IT will soon be time to reap what Westminster has sown. In a week in which the chief EU negotiator stated that the Brexit talks were mired in a disturbing deadlock, it’s becoming ever more clear that there is no such thing as a good Brexit deal. It’s becoming ever more likely that there could be no deal at all. The UK is a state in thrall to a fundamentally broken economic model, a model which cannot provide a dignified standard of living for all its citizens, a model which sees the gulf between rich and poor, haves and have nots, grow ever wider. Brexit is only going to make all those existing problems worse. The Conservatives are not pursuing a hard Brexit because they want to create a utopia of human and employment rights.

For Scotland, Brexit risks the destruction of the devolution settlement. It will bring about an unprecedented power grab on the part of Westminster, which has unilaterally decided to turn on its head the assumption underpinning devolution that everything which is not a reserved power is devolved. And yet we’re told by British nationalists that this is good for Scotland.

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We’re told to trust in the goodwill of a Westminster Parliament which has never demonstrated much goodwill in the past. We’re told this by people who seek to convince us that Scotland is, uniquely, the only thing on the planet that the Conservatives throw large amounts of money at out of the sheer goodness of their hearts.

We stand before two visions of the future. There’s Westminster’s vision: a country alienated from Europe, xenophobic and isolationist, living on nostalgic memories of an Emprire that’s long gone while the majority of its citizens struggle and a tiny minority become obscenely rich. Or there’s Scotland’s vision: a country that prioritises the dignity and equality of all its citizens, that seeks to connect with the wider world, that looks to the future and not the past.

The only route to that better future for Scotland is through another independence referendum. The time for making the case for that referendum is now, and it’s up to the broader independence movement to make that case. Independence means acting independently. We don’t need permission to start campaigning, we don’t need to wait for the SNP, the Greens, or anyone else to tell us it’s OK. We can do it for ourselves, and that is what independence is all about. A citizen-led independence movement will create a citizen-led nation. Independence is about empowerment, so let’s take the power into our own hands and grow this movement.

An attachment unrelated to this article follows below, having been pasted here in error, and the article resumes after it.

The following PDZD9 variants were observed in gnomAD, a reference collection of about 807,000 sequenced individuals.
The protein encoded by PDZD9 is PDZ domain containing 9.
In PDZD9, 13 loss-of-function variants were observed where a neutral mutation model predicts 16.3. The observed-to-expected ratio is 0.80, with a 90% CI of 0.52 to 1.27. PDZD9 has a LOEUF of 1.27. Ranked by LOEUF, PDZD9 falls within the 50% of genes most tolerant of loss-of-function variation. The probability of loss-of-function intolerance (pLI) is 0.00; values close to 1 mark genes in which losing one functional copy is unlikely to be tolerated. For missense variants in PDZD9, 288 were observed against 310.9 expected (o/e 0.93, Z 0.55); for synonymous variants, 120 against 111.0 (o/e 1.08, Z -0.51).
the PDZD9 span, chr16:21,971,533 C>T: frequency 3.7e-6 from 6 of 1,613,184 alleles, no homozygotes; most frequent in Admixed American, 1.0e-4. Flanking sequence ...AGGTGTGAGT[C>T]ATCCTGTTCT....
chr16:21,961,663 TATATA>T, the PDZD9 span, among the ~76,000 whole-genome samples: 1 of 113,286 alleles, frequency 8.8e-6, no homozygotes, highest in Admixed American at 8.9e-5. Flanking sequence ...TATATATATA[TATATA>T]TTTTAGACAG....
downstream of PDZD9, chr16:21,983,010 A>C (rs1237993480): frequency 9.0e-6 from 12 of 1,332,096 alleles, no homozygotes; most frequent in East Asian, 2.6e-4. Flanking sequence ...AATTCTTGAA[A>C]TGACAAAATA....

Over the past months I’ve been doing dozens of talks for local pro-independence groups the length and breadth of Scotland, from Orkney and Skye to Stranraer and Duns, and all points in between. I’ve been talking to Yes groups, local SNP branches, Commonweal groups. It doesn’t matter where in Scotland they’re located, they are all full of talented and capable people who are champing at the bit to do something to challenge the bleak and hopeless future into which Scotland is being led by Westminster’s donkeys of doom.

The time for taking action is now. The independence movement can’t risk allowing the energy and enthusiasm of local groups to dissipate and disperse. What all the local groups I’ve been talking to have in common is that they’re desperate to feel as though they are part of a cohesive national movement, that they’re all participating in a national process that will lead Scotland to its rightful destiny as an independent state. That feeling is lacking just now, so we need to build it.

Some important events are coming up soon which could go a long way to creating that sense of cohesion and building a national grassroots movement. There’s the Scottish Independence Convention’s Build conference in Edinburgh on November 4, and I’ve been talking with local group members and others about the possibility of a local groups conference the following month in which the local grassroots organisations can discuss in greater detail and in a less formal setting the issues and goals that come out of the SIC conference.

If we want an independence movement that provides a strong foundation for a campaign, it’s going to require different legs to balance and support it. The SNP and Greens possess the vital democratic mandate to call a referendum, the SIC is carrying out the essential research to give us the answers and strategies required by a successful campaign, but what we’re still lacking is a cohesive national framework to which local groups feel that they belong and which they own. Creating that is a priority. We need to be ready when the disaster that is Brexit unfolds in all its horrific reality. We need to take on board the lesson that generations of Scottish mammies and grannies have taught us down through the ages – if ye want something done, ye need tae dae it yersel. Let’s dae this.